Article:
The Keys to The Kingdom: 3 Best Practices for Engaging with Underserved Communities
August 14, 2023 •Angie Bivens
I grew up with the age-old notion that “your home should be your castle,” but in some communities, the quality of homes is less than a fairytale. As an Outreach Manager with Franklin Energy, I’m tasked with revisiting clients that participate in our programs. One of my most memorable visits was the mobile home of a woman we will call “Ms. Anne.” Ms. Anne is a spunky, elderly resident with mobility and health issues. She reached out to her local Habitat for Humanity because her home was rapidly declining and negatively affecting her health. As I walked through Ms. Anne’s home to follow up, she lit up as she showed me all the new upgrades she had received. After one initial intake visit, Habitat had led a coordinated effort of five programs that provided Ms. Anne with LED lighting, an Energy Star® fridge, a walk-in shower, an energy-efficient heating unit, and insulated mobile skirting installed on her home. Today, Ms. Anne is still telling her neighbors about the programs that helped her be more comfortable and save energy.
While the condition of Ms. Anne’s home is a common occurrence, finding assistance to help is not as easy for most residents. According to the federal government, around 30 percent of the U.S. population is identified as living in disadvantaged communities (DACs). These disadvantaged communities are defined as areas that suffer a combination of economic, health, and environmental burdens. These same communities are also often referred to as low- to moderate-income (LMI) because of the severe energy burden they face. Along with injecting more funds into programs such as LIHEAP and WAP, the federal government is implementing the Justice40 Initiative to purposefully ensure that ALL federal investments target and benefit these communities.
Historically, disadvantaged communities have lacked access to energy-efficient housing and transportation, while facing underinvestment in clean energy infrastructure and being overburdened by pollution. Being subject to this environment has created a lack of trust among the community itself, utility providers, and government agencies. While programs and resources can serve as a vehicle to entrance, those resources may not open the “gate.” So, what will?
Key Number 1
The first key to accessing these communities is finding your gatekeeper and establishing a meaningful relationship. Gatekeepers can be an individual or group and include community champions, legislative representatives, or long-time residents. Homeowners’ associations (HOAs), local community-based organizations (CBOs), advocacy groups, and community organizations also serve as advocates.
It is important to reiterate that a distinct barrier to accessing CBOs is trust. In Ms. Anne’s scenario, she was able to access the suite of programs available through a partnership with her local Habitat office. Because of the strength and longevity of Habitat in her community, Ms. Anne could trust in the services they offered, programs that she otherwise wouldn’t have access to or knowledge of. That type of trust is built through honest, intentional engagement, but can be broken through misinformation or dishonesty. One prime example is using the word “free” to engage participants. Often, the “free” service is something that is not needed and is considered a bait-and-switch tactic by the community, creating a hesitation and mistrust. This tactic should be avoided at all costs.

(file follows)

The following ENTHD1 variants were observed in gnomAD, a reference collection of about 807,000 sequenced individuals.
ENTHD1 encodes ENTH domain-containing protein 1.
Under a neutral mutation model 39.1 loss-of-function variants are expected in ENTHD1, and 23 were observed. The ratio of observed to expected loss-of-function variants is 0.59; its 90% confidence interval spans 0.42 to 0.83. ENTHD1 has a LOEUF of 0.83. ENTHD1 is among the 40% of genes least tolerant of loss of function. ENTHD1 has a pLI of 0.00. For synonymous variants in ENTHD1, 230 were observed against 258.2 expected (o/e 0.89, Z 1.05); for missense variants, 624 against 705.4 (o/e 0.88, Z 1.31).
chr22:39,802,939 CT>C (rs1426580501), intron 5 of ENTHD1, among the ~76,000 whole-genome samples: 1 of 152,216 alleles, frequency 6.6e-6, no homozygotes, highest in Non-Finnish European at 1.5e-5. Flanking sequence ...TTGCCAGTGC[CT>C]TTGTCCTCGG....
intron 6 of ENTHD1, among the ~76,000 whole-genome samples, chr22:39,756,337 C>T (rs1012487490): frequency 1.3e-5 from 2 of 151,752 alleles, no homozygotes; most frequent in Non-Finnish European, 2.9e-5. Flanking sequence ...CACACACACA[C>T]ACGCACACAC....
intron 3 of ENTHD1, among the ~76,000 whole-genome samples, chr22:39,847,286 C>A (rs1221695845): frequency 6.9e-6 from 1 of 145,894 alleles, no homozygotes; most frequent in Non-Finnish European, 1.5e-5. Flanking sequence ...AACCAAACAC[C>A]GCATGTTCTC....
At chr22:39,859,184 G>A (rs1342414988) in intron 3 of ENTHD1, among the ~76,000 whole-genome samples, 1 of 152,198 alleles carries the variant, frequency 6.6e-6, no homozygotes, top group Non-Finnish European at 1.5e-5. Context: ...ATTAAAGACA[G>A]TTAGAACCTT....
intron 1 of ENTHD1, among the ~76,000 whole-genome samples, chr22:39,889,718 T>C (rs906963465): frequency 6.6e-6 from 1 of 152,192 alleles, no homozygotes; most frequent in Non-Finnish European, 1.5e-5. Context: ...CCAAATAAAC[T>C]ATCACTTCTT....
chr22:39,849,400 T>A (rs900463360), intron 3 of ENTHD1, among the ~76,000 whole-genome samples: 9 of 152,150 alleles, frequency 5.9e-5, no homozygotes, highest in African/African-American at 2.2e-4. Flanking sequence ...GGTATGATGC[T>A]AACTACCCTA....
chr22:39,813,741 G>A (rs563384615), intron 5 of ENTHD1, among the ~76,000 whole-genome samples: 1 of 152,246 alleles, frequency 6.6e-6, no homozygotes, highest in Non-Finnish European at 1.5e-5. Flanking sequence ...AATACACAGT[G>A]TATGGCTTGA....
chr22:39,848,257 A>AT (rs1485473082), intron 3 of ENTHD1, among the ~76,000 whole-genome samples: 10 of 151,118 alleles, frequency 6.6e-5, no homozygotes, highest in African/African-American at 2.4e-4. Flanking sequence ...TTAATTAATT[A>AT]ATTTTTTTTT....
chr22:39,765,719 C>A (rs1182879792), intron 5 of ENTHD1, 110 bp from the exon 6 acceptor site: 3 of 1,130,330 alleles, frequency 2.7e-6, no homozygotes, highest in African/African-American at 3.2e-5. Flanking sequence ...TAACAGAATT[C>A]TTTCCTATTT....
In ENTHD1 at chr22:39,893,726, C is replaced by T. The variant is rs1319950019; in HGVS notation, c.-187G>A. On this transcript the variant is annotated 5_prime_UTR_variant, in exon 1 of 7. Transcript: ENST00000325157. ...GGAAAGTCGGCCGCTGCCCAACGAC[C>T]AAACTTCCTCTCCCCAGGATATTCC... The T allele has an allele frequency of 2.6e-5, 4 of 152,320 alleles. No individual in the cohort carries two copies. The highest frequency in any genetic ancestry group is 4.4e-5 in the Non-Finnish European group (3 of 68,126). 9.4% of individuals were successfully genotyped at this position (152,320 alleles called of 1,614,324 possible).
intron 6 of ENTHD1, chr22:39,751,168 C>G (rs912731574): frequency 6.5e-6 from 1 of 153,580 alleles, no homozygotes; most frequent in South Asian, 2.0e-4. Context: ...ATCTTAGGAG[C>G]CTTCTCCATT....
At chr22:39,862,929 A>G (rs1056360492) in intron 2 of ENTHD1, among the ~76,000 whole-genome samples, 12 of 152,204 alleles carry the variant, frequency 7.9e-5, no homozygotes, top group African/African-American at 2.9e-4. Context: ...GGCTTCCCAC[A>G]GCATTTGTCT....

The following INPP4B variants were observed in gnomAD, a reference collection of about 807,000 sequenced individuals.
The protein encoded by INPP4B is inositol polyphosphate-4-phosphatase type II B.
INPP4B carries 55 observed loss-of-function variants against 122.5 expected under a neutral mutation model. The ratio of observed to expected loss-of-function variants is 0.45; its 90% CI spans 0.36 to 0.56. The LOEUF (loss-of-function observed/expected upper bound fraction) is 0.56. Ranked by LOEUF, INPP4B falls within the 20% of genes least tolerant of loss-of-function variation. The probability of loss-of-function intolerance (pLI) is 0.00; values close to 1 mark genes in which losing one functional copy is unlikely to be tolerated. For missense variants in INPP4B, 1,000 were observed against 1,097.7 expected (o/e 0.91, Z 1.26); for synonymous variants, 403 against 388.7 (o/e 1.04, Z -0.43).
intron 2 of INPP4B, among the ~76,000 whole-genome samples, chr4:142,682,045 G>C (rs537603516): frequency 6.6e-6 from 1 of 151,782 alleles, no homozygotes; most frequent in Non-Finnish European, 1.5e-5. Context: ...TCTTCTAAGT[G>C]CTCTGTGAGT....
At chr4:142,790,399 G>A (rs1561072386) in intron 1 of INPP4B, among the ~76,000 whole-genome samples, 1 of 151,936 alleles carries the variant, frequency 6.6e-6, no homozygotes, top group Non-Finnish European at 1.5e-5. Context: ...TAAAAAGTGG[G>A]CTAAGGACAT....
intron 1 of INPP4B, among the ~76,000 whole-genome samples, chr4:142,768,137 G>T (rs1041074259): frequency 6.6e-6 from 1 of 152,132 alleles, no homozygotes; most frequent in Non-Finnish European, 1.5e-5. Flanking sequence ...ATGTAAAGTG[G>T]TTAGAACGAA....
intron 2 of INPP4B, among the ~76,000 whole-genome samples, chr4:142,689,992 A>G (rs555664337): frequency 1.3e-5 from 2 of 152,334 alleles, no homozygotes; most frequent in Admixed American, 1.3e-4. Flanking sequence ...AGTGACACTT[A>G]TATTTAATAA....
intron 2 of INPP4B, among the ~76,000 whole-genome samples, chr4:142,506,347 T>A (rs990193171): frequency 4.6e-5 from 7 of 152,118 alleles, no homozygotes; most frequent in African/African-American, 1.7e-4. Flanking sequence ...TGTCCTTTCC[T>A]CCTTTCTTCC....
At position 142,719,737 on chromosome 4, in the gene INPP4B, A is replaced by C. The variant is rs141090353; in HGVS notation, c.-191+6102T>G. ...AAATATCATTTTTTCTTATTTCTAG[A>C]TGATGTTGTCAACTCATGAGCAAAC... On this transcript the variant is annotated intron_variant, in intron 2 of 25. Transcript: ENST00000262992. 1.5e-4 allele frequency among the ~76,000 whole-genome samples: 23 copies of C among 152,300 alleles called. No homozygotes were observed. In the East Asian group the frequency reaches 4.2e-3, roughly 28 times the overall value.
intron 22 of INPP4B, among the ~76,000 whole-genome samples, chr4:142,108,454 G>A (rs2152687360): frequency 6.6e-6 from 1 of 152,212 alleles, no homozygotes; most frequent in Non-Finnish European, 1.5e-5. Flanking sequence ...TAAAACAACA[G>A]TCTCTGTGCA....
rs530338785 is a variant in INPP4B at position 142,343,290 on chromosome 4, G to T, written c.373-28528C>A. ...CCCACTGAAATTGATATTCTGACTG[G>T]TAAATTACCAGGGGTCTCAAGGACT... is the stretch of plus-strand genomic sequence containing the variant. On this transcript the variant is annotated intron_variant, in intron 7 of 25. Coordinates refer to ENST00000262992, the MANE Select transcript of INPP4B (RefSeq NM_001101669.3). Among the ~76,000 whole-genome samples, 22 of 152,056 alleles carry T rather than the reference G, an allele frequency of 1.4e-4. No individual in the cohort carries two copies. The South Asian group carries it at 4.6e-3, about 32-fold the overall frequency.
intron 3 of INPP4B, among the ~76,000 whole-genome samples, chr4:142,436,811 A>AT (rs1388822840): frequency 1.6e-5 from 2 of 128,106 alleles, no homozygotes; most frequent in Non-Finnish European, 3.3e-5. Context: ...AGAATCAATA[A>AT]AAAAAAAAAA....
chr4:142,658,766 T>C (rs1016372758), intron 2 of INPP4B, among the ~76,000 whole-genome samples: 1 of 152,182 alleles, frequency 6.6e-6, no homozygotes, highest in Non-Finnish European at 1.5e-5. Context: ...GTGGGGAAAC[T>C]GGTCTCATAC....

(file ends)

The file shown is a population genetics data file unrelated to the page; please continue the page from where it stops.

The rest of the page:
Key Number 2
The second key to accessing these communities is “Ask, Don’t Tell.” Too often, programs will make an offering to a community without cause or justification and then wonder why the program fails. Instead of presenting an offering that “checks the box,” the program should first survey the needs of the community and then make their involvement intentional and purposeful not only to the program but to the community served. Surveying can happen in various forms, including community conversations and focus groups. This is an opportunity to learn real needs and challenges and to build a relationship with the community. By aligning the program’s goals with the needs of the residents, you ensure the program’s success leads to the communities’ success. This approach is not only useful for the initial set-up of the program but should be a recurring process.
Key Number 3
The last key, and I believe the most impactful, is to educate and engage. A critical component of the Justice40 Initiative is community engagement. But this doesn’t just apply to this newly established funding; it also includes long-standing state programs as well as utility-offered programs. Engagement allows opportunities to educate the community about the long-lasting benefits of the program and again builds trust with the community. Franklin Energy has a track record of hosting outreach events like workshops to provide education and boost program awareness. Utilizing outreach workers that are directly from the disadvantaged community helps prevent language barriers and promotes workforce development.
The call for “Equity” at the federal level has been loud and clear since the rollout of Justice40 and the passage of both Bipartisan Infrastructure Law and Inflation Reduction Act; however, the states are struggling to define equity. Every state, every community is different, so there is no one-size-fits-all approach to equity. One thing is for certain: You cannot achieve equity without engaging those communities who have historically and systematically carried the weight of inequity on their shoulders. And light touches just won’t do. It requires meaningful communication resulting from fortified relationships. Anything less will result in being locked out of the gate.
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